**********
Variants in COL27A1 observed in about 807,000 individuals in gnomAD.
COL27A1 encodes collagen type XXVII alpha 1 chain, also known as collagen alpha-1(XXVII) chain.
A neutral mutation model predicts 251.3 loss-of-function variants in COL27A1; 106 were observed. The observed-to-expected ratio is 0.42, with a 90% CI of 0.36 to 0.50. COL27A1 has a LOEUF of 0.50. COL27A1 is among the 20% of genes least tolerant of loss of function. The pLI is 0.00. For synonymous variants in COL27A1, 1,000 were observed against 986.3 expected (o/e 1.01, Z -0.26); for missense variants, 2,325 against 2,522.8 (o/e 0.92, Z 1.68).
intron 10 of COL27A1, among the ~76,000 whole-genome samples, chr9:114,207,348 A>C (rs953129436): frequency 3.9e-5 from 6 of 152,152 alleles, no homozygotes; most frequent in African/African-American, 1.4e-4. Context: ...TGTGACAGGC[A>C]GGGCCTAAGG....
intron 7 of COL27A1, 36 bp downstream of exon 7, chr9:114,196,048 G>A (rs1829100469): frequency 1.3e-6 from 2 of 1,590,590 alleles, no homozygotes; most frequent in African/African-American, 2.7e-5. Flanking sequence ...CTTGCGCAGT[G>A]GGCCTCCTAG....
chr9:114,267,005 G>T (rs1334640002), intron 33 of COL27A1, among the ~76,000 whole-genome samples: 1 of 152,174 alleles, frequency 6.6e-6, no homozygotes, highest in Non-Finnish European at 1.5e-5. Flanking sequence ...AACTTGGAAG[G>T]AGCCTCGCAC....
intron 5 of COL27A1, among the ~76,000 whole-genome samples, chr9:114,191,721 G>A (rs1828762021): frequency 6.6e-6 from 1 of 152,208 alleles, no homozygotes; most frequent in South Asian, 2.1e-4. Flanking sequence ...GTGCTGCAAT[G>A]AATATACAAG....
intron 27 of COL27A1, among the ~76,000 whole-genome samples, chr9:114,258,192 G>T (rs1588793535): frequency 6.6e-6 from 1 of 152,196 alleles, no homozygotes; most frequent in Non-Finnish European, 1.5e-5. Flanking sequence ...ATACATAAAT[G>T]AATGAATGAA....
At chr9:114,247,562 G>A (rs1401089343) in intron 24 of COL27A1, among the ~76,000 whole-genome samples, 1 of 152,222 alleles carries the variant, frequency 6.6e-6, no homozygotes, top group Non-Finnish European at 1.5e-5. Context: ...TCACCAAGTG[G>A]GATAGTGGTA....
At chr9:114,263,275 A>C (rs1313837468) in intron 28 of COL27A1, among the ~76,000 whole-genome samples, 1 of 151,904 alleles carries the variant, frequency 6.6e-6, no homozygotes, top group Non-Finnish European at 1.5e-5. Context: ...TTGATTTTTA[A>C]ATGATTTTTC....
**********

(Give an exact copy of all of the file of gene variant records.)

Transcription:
Variants in COL27A1 observed in about 807,000 individuals in gnomAD.
COL27A1 encodes collagen type XXVII alpha 1 chain, also known as collagen alpha-1(XXVII) chain.
A neutral mutation model predicts 251.3 loss-of-function variants in COL27A1; 106 were observed. The observed-to-expected ratio is 0.42, with a 90% CI of 0.36 to 0.50. COL27A1 has a LOEUF of 0.50. COL27A1 is among the 20% of genes least tolerant of loss of function. The pLI is 0.00. For synonymous variants in COL27A1, 1,000 were observed against 986.3 expected (o/e 1.01, Z -0.26); for missense variants, 2,325 against 2,522.8 (o/e 0.92, Z 1.68).
intron 10 of COL27A1, among the ~76,000 whole-genome samples, chr9:114,207,348 A>C (rs953129436): frequency 3.9e-5 from 6 of 152,152 alleles, no homozygotes; most frequent in African/African-American, 1.4e-4. Context: ...TGTGACAGGC[A>C]GGGCCTAAGG....
intron 7 of COL27A1, 36 bp downstream of exon 7, chr9:114,196,048 G>A (rs1829100469): frequency 1.3e-6 from 2 of 1,590,590 alleles, no homozygotes; most frequent in African/African-American, 2.7e-5. Flanking sequence ...CTTGCGCAGT[G>A]GGCCTCCTAG....
chr9:114,267,005 G>T (rs1334640002), intron 33 of COL27A1, among the ~76,000 whole-genome samples: 1 of 152,174 alleles, frequency 6.6e-6, no homozygotes, highest in Non-Finnish European at 1.5e-5. Flanking sequence ...AACTTGGAAG[G>T]AGCCTCGCAC....
intron 5 of COL27A1, among the ~76,000 whole-genome samples, chr9:114,191,721 G>A (rs1828762021): frequency 6.6e-6 from 1 of 152,208 alleles, no homozygotes; most frequent in South Asian, 2.1e-4. Flanking sequence ...GTGCTGCAAT[G>A]AATATACAAG....
intron 27 of COL27A1, among the ~76,000 whole-genome samples, chr9:114,258,192 G>T (rs1588793535): frequency 6.6e-6 from 1 of 152,196 alleles, no homozygotes; most frequent in Non-Finnish European, 1.5e-5. Flanking sequence ...ATACATAAAT[G>T]AATGAATGAA....
At chr9:114,247,562 G>A (rs1401089343) in intron 24 of COL27A1, among the ~76,000 whole-genome samples, 1 of 152,222 alleles carries the variant, frequency 6.6e-6, no homozygotes, top group Non-Finnish European at 1.5e-5. Context: ...TCACCAAGTG[G>A]GATAGTGGTA....
At chr9:114,263,275 A>C (rs1313837468) in intron 28 of COL27A1, among the ~76,000 whole-genome samples, 1 of 151,904 alleles carries the variant, frequency 6.6e-6, no homozygotes, top group Non-Finnish European at 1.5e-5. Context: ...TTGATTTTTA[A>C]ATGATTTTTC....